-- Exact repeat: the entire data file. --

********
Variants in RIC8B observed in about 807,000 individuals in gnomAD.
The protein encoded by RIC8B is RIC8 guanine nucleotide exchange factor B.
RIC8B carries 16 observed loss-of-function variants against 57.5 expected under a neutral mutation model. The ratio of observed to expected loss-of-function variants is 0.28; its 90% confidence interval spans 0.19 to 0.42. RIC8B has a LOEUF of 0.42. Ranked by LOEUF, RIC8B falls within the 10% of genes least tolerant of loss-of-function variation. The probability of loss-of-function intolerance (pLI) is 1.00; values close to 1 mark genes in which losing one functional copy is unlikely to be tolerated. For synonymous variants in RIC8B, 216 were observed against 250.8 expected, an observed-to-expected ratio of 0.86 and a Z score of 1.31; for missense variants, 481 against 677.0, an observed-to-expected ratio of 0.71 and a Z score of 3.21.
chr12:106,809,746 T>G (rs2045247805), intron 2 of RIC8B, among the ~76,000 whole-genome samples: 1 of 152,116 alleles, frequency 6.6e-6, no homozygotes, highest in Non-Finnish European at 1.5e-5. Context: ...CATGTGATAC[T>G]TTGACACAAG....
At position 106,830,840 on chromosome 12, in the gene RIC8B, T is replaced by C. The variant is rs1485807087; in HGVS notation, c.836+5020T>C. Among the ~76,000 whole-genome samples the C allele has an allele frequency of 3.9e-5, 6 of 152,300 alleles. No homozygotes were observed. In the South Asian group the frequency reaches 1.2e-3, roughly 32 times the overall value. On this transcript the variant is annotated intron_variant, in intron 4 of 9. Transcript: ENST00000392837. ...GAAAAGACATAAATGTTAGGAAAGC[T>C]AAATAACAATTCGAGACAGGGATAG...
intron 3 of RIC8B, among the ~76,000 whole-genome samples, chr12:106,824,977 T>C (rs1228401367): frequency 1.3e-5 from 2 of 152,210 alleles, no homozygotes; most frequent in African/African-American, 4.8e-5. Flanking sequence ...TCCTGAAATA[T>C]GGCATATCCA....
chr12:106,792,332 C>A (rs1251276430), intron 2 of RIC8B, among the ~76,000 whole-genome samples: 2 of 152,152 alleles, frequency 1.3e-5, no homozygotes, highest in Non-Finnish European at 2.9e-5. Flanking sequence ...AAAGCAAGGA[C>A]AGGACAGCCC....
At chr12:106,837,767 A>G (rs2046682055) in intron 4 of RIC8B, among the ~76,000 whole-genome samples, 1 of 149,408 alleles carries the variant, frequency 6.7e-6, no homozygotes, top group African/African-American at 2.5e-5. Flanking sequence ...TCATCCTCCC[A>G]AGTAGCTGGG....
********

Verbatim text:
Variants in RIC8B observed in about 807,000 individuals in gnomAD.
The protein encoded by RIC8B is RIC8 guanine nucleotide exchange factor B.
RIC8B carries 16 observed loss-of-function variants against 57.5 expected under a neutral mutation model. The ratio of observed to expected loss-of-function variants is 0.28; its 90% confidence interval spans 0.19 to 0.42. RIC8B has a LOEUF of 0.42. Ranked by LOEUF, RIC8B falls within the 10% of genes least tolerant of loss-of-function variation. The probability of loss-of-function intolerance (pLI) is 1.00; values close to 1 mark genes in which losing one functional copy is unlikely to be tolerated. For synonymous variants in RIC8B, 216 were observed against 250.8 expected, an observed-to-expected ratio of 0.86 and a Z score of 1.31; for missense variants, 481 against 677.0, an observed-to-expected ratio of 0.71 and a Z score of 3.21.
chr12:106,809,746 T>G (rs2045247805), intron 2 of RIC8B, among the ~76,000 whole-genome samples: 1 of 152,116 alleles, frequency 6.6e-6, no homozygotes, highest in Non-Finnish European at 1.5e-5. Context: ...CATGTGATAC[T>G]TTGACACAAG....
At position 106,830,840 on chromosome 12, in the gene RIC8B, T is replaced by C. The variant is rs1485807087; in HGVS notation, c.836+5020T>C. Among the ~76,000 whole-genome samples the C allele has an allele frequency of 3.9e-5, 6 of 152,300 alleles. No homozygotes were observed. In the South Asian group the frequency reaches 1.2e-3, roughly 32 times the overall value. On this transcript the variant is annotated intron_variant, in intron 4 of 9. Transcript: ENST00000392837. ...GAAAAGACATAAATGTTAGGAAAGC[T>C]AAATAACAATTCGAGACAGGGATAG...
intron 3 of RIC8B, among the ~76,000 whole-genome samples, chr12:106,824,977 T>C (rs1228401367): frequency 1.3e-5 from 2 of 152,210 alleles, no homozygotes; most frequent in African/African-American, 4.8e-5. Flanking sequence ...TCCTGAAATA[T>C]GGCATATCCA....
chr12:106,792,332 C>A (rs1251276430), intron 2 of RIC8B, among the ~76,000 whole-genome samples: 2 of 152,152 alleles, frequency 1.3e-5, no homozygotes, highest in Non-Finnish European at 2.9e-5. Flanking sequence ...AAAGCAAGGA[C>A]AGGACAGCCC....
At chr12:106,837,767 A>G (rs2046682055) in intron 4 of RIC8B, among the ~76,000 whole-genome samples, 1 of 149,408 alleles carries the variant, frequency 6.7e-6, no homozygotes, top group African/African-American at 2.5e-5. Flanking sequence ...TCATCCTCCC[A>G]AGTAGCTGGG....